Rejecting the weird and the unoriginal, the City Council picked a new name for Santa Monica's newest park Tuesday night: Tongva Park, after the first inhabitants of Los Angeles.
Tongva Park replaces placeholder name Palisades Garden Walk for the 6-acre park that will connect Main Street to Palisades Park. It is one of two parks under construction in the city's civic area, and when it opens this fall, will feature native plants, play areas for children and hills with ocean views.
The name "will be a spectacular learning opportunity," said councilwoman Gleam Davis. "It is an unfamiliar word."
Councilman Bob Holbrook cast the dissenting vote, which was 4-1, saying "I’ve lived here over 70 years and never heard the name." He said he preferred a "simple" name, like The Commons or Central Park, "but all the great park names have already been used."
There are 500,000 Native Americans who live in Los Angeles, Wendy Teeter, the Fowler Museum's curator of archaeology and a Venice resident, told the council.
But "we have a hard time getting people to understand the history of Los Angeles," she said.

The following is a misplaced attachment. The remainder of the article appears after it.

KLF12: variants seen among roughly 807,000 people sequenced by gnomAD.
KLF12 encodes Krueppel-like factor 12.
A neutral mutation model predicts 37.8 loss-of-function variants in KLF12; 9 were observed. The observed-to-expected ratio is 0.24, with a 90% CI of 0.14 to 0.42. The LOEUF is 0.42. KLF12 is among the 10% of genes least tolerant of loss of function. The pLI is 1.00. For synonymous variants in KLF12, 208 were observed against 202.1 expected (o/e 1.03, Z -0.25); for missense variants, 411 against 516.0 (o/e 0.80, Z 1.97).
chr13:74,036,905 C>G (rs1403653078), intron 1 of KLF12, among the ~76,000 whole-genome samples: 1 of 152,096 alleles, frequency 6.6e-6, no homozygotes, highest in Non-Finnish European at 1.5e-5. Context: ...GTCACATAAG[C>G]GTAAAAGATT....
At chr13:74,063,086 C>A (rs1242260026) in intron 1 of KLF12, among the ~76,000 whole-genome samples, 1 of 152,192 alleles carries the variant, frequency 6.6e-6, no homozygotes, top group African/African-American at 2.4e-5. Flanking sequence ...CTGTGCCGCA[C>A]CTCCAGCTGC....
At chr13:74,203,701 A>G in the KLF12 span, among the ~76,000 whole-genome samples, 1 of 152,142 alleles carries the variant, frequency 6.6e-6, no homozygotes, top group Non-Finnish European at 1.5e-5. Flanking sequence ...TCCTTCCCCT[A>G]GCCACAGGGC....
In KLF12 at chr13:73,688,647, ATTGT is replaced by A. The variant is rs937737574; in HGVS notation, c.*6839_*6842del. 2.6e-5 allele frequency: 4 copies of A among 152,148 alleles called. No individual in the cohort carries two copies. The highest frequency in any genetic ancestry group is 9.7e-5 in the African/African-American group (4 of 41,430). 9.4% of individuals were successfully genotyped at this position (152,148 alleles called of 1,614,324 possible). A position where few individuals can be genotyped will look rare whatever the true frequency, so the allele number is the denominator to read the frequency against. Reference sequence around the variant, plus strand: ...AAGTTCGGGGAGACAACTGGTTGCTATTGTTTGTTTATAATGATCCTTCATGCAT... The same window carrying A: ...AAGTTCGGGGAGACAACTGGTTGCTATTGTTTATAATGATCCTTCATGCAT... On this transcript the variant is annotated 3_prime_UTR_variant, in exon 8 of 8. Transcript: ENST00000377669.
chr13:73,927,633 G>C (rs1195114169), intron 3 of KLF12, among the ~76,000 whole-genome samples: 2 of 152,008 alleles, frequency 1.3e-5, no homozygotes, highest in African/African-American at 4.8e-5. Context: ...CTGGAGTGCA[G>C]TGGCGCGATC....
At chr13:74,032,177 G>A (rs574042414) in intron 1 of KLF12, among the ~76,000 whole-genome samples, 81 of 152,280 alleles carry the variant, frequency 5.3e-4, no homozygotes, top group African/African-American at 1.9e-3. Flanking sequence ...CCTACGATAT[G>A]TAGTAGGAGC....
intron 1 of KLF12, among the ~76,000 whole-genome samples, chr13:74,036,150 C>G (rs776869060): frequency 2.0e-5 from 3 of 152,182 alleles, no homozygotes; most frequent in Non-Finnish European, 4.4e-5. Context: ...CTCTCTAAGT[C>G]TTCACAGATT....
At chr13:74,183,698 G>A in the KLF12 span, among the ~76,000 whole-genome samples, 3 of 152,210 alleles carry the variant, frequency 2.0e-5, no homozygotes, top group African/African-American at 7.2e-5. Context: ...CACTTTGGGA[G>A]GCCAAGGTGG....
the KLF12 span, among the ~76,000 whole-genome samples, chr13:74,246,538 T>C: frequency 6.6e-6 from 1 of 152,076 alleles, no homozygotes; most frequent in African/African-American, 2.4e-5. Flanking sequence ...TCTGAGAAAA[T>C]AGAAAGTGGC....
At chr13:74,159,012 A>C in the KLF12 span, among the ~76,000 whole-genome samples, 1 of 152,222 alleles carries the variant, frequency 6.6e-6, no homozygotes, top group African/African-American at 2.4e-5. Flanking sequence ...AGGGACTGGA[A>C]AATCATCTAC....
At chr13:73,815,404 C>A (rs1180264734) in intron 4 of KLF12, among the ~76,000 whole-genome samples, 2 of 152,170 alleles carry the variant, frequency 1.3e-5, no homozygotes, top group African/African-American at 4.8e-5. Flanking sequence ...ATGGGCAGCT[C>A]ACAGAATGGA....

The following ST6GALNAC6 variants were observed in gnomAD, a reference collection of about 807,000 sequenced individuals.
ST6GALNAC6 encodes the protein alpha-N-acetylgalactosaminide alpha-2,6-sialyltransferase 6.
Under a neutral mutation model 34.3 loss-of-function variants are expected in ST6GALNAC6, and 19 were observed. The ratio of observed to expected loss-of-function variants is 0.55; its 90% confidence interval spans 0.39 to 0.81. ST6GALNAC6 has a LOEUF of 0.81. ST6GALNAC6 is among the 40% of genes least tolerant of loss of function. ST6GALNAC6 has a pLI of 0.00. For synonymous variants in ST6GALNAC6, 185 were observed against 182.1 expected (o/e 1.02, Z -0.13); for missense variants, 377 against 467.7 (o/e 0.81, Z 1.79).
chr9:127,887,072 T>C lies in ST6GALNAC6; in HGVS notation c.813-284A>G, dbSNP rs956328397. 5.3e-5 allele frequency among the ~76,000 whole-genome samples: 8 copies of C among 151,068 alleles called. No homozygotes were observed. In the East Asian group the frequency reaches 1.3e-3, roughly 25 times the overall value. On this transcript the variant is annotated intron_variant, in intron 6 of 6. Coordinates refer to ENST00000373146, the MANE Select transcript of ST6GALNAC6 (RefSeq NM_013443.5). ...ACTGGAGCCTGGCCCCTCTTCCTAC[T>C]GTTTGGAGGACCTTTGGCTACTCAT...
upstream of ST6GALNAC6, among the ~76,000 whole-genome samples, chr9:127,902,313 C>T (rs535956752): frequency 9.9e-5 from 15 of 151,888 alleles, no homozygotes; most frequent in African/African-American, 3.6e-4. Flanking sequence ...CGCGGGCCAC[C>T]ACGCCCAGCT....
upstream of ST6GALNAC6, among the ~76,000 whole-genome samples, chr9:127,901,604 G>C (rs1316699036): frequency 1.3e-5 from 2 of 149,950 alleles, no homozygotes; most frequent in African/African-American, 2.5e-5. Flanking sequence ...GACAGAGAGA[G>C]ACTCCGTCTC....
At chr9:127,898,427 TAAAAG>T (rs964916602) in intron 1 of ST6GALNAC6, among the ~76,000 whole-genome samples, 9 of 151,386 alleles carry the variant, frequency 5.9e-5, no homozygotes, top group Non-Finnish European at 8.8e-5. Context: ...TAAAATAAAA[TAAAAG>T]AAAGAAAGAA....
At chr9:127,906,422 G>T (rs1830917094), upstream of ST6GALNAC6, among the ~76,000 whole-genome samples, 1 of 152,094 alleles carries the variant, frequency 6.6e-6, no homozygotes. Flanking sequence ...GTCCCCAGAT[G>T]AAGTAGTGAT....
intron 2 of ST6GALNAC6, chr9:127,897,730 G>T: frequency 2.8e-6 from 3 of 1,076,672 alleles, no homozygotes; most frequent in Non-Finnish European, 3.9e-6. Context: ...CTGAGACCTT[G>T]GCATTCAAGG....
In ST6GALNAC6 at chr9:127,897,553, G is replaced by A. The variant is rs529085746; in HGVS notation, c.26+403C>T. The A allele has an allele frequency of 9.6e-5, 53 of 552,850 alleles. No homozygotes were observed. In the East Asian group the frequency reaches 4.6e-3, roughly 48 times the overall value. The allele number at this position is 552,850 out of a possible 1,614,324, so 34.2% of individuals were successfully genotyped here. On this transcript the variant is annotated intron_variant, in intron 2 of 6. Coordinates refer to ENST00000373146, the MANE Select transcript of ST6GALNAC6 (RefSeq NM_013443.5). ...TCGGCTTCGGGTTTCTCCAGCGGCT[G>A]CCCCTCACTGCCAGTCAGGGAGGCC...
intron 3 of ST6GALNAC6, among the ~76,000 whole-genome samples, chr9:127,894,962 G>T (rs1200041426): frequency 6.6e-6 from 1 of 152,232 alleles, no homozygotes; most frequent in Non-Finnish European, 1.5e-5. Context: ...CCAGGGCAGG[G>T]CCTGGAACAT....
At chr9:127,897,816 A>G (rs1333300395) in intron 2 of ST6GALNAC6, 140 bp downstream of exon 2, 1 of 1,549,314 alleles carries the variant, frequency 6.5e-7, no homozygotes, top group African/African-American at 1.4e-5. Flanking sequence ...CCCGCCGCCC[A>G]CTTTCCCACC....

When it last discussed a new name in October, the council was unable to reach a consensus. It asked for the community's input, but that didn't help much—there was no clear favorite and some of the suggestions were pretty weird ("Spaceship Adventure Park" and "Planetarium of Eden," for example).
POLL: Help Rename Palisades Garden Walk
Santa Monica resident Paulina Sahagun told the council in the fall that naming the new green space Tongva Park would lead to "teachable moments." She said teachers could tell students, "this is where the original people of this land stood."
"We need to set a precedent," she said. "Too much development has happened and we forget [the history.]"
This isn't Santa Monica's first homage to the Tongva.
Moomat Ahiko, a street that runs below the Santa Monica Pier, connecting Ocean Avenue to Appian Way, is a Tongva word that means "breath of the ocean," said Davis.
The Tongva, "meaning People of the Earth," were later called the Gabrielino.
The Gabrieleño Band of Mission Indians disavows Tongva as the original name of the Indians associated with the San Gabriel Mission. They believe Kizh is the proper name.
More than half a dozen speakers at Tuesday night's meeting urged the council to choose Tongva.
Correction: This article was updated at 3:15 p.m. to correct a statement by Wendy Teeter on the number of Native Americans living in Los Angeles.